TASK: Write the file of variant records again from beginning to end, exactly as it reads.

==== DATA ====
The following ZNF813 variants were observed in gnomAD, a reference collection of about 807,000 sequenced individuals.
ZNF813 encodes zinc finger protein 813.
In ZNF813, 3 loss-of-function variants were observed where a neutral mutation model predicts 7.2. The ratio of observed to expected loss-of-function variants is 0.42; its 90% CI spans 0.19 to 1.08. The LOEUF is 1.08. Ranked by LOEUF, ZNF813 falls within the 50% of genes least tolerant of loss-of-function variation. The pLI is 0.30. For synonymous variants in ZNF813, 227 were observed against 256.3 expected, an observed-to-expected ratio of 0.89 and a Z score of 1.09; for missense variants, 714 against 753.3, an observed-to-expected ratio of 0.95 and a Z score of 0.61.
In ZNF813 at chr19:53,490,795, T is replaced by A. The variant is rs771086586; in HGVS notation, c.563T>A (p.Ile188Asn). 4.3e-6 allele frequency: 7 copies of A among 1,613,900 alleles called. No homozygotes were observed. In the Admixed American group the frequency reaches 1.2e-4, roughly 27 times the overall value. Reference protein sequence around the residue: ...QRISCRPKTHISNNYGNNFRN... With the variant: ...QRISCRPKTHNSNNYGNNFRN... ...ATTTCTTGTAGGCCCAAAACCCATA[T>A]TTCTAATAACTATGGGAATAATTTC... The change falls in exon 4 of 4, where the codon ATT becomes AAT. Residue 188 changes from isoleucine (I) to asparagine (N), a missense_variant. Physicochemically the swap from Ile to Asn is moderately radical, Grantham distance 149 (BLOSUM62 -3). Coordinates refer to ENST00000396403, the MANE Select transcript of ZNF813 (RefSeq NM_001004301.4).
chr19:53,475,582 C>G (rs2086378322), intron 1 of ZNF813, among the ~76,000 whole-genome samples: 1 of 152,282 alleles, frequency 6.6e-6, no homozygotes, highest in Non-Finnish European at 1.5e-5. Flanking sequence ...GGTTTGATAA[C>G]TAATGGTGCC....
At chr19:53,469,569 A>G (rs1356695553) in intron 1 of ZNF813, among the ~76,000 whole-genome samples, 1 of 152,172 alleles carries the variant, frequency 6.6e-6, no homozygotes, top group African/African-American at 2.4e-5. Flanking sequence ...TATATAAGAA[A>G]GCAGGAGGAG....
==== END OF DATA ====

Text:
The following ZNF813 variants were observed in gnomAD, a reference collection of about 807,000 sequenced individuals.
ZNF813 encodes zinc finger protein 813.
In ZNF813, 3 loss-of-function variants were observed where a neutral mutation model predicts 7.2. The ratio of observed to expected loss-of-function variants is 0.42; its 90% CI spans 0.19 to 1.08. The LOEUF is 1.08. Ranked by LOEUF, ZNF813 falls within the 50% of genes least tolerant of loss-of-function variation. The pLI is 0.30. For synonymous variants in ZNF813, 227 were observed against 256.3 expected, an observed-to-expected ratio of 0.89 and a Z score of 1.09; for missense variants, 714 against 753.3, an observed-to-expected ratio of 0.95 and a Z score of 0.61.
In ZNF813 at chr19:53,490,795, T is replaced by A. The variant is rs771086586; in HGVS notation, c.563T>A (p.Ile188Asn). 4.3e-6 allele frequency: 7 copies of A among 1,613,900 alleles called. No homozygotes were observed. In the Admixed American group the frequency reaches 1.2e-4, roughly 27 times the overall value. Reference protein sequence around the residue: ...QRISCRPKTHISNNYGNNFRN... With the variant: ...QRISCRPKTHNSNNYGNNFRN... ...ATTTCTTGTAGGCCCAAAACCCATA[T>A]TTCTAATAACTATGGGAATAATTTC... The change falls in exon 4 of 4, where the codon ATT becomes AAT. Residue 188 changes from isoleucine (I) to asparagine (N), a missense_variant. Physicochemically the swap from Ile to Asn is moderately radical, Grantham distance 149 (BLOSUM62 -3). Coordinates refer to ENST00000396403, the MANE Select transcript of ZNF813 (RefSeq NM_001004301.4).
chr19:53,475,582 C>G (rs2086378322), intron 1 of ZNF813, among the ~76,000 whole-genome samples: 1 of 152,282 alleles, frequency 6.6e-6, no homozygotes, highest in Non-Finnish European at 1.5e-5. Flanking sequence ...GGTTTGATAA[C>G]TAATGGTGCC....
At chr19:53,469,569 A>G (rs1356695553) in intron 1 of ZNF813, among the ~76,000 whole-genome samples, 1 of 152,172 alleles carries the variant, frequency 6.6e-6, no homozygotes, top group African/African-American at 2.4e-5. Flanking sequence ...TATATAAGAA[A>G]GCAGGAGGAG....